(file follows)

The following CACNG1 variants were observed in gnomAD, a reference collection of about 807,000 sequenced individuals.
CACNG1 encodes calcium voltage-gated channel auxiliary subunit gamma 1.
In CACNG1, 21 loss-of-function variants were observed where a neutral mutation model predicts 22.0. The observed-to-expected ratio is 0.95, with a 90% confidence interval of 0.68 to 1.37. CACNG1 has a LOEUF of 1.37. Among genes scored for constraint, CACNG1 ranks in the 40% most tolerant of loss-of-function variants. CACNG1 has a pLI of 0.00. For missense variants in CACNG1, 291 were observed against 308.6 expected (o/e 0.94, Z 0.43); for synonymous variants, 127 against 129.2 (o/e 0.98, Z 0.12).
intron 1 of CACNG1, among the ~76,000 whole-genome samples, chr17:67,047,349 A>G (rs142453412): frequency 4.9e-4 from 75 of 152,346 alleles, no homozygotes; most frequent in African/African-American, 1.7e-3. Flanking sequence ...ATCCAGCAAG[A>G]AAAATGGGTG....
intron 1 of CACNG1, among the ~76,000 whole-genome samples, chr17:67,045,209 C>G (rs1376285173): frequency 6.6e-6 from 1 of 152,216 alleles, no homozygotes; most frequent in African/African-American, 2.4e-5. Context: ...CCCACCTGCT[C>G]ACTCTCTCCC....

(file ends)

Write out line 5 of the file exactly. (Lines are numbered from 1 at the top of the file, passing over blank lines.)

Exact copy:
intron 1 of CACNG1, among the ~76,000 whole-genome samples, chr17:67,045,209 C>G (rs1376285173): frequency 6.6e-6 from 1 of 152,216 alleles, no homozygotes; most frequent in African/African-American, 2.4e-5. Context: ...CCCACCTGCT[C>G]ACTCTCTCCC....